Barbaric Korean festival begins, but this charity is hopeful for change

Barbaric Korean festival begins, but this charity is hopeful for change

South Korea’s Bok Nal summer season began on Friday 12 July; these are the hottest days of summer during which more than one million dogs are eaten as ‘bosintang’ soup. Protesters in the country have taken to the streets to express their opposition to the dog meat industry, and animal charity Humane Society International (HSI) says there are reasons to be hopeful that change is coming.

Earlier this month HSI/Korea worked with local authorities in Busan to close the notorious Gupo dog market, saving more than 80 dogs left behind, and there have been a string of other crackdowns happening across South Korea.

Nara Kim, campaigner for HSI, who attended the closure and rescue, says, I cannot express enough my joy at helping to close down the dog meat shops and slaughterhouse at Gupo market. For decades they have stood as a very public symbol of the immense cruelty of the dog meat trade, with live dogs displayed in cages on the street for shoppers to select for slaughter by electrocution.

“The closure of Gupo’s dog meat market means the end of a gruesome era in South Korea’s dog meat history, and a sign of the times that law enforcement and local authorities are cracking down on this increasingly unpopular industry that most Koreans want nothing to do with.

“I know we have a long way to go to end the dog meat trade here, but even two years ago I would never have believed we would see such progress. It has been a pleasure to work with the Busan authorities, and especially in being able to save the last remaining dogs we found alive.”

The closure of Gupo is the latest in a series of crackdowns by officials on the cruel trade. In November last year, Seongnam city demolished Taepyeong, the country’s largest dog slaughterhouse, and closed down most of the related dog meat vendors. However, the closure of Gupo market is the first such closure where complete agreement has been reached between the vendors and local authorities.

At the height of business at Gupo in the 1970s and 1980s, the market housed around 60 dog meat shops – but after the Seoul Olympic in 1988 it started to decrease. Just 17 dog meat vendors and two dog tonic (gaesoju) shops remained before today’s closure.

HSI/Korea’s rescue team was on site to assist the closure and rescue with partners KARA, KAWA and Busan KAPCA. They found more than 80 mainly jindo mix dogs cowering in their cages, just a handful of the estimated two million dogs bred on thousands of dog meat farms across the country. With HSI/Korea working to help farms transition to alternative, humane livelihoods, dog farmers are increasingly keen to exit the controversial trade due to societal shame, family pressure and decreasing profits.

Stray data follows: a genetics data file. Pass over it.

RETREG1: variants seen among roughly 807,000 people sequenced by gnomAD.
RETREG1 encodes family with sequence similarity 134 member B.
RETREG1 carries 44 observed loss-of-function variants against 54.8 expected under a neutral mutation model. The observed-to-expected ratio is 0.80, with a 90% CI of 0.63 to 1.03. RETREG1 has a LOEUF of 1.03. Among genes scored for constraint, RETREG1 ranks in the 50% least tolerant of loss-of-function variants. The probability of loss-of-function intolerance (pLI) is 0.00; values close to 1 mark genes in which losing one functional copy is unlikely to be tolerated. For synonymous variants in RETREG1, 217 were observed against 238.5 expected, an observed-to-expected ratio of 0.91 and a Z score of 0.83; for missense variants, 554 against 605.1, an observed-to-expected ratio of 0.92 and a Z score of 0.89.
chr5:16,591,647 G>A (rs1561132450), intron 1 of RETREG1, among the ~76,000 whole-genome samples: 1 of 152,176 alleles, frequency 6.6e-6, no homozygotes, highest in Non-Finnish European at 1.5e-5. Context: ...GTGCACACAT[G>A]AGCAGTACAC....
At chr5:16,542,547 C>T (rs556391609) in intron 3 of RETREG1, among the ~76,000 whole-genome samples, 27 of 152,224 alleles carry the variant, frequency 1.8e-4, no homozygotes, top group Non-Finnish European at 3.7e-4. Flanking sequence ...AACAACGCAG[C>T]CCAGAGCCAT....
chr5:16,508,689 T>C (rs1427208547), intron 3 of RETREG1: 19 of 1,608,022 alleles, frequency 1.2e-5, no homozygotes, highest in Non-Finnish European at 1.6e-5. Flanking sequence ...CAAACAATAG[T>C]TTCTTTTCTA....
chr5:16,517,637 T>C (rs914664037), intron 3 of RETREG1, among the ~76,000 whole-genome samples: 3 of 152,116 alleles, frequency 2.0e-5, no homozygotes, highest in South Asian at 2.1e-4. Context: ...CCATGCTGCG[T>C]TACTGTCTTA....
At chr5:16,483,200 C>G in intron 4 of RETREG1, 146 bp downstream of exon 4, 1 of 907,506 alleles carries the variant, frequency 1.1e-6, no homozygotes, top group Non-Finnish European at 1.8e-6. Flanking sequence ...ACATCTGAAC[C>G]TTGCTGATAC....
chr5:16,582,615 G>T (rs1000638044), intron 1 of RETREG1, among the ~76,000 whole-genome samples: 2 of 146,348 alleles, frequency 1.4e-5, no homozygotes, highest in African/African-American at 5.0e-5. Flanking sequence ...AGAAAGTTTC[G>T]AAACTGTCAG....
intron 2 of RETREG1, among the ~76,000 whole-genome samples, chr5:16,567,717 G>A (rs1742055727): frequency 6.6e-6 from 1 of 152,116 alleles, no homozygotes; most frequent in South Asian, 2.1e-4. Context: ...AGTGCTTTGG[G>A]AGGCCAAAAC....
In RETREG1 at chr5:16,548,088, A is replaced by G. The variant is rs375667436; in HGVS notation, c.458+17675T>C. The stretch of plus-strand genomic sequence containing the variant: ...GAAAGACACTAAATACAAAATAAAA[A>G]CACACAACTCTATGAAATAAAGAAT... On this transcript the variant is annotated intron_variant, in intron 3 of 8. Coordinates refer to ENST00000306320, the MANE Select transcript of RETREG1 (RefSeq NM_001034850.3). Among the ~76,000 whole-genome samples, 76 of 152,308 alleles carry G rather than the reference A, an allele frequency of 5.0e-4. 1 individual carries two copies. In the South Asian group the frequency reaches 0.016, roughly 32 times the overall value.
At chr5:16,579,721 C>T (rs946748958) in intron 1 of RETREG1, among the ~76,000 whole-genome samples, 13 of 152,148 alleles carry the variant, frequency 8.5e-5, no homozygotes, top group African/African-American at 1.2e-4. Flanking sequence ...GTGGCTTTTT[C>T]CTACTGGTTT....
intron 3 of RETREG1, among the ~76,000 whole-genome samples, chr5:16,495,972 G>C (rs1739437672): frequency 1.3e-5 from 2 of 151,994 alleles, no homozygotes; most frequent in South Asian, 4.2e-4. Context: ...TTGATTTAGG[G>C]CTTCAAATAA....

Nara Kim explained, The dog market scene was really upsetting, with dogs displayed in cages in front of each store. The smell was overwhelming. HSI has closed down 14 dog meat farms in South Korea and rescued nearly 1,800 dogs, all of whom would have ended up in a terrible place just like this.

“All the dogs at Gupo have been removed and transported to a temporary shelter where they will recover from their ordeal. A few will remain in Korea to find new homes, but HSI will fly all the others overseas to Canada or the United States to get the love and care they deserve before being placed with shelter and rescue partners who will seek adoptive homes.”

Yim Soonrye of KARA said, “Dog slaughterhouses are collapsing one by one, from Seongnam Moran Market to Taepyeong-dong and Busan Gupo Market, and in addition Gyeonggi Province has introduced its own judicial policies to crack down on illegal dog slaughterhouses. This all shows that the Korean dog meat industry is starting to fall.

“As local governments are moving forward, the Korean government must also take action by closing all illegal dog farms, by the Blue House keeping its promise to exclude dogs from the legal definition of ‘livestock’, and by the National Assembly passing the proposed bill to end the dog meat industry before the end of next year’s session.

“We welcome the decision made by Busan Metropolitan City and the merchants of Gupo, and believe that the shutdown of Gupo dog market will be a major stepping stone towards ending dog meat in Korea.”

Images by HSI International.

Louise Penfold

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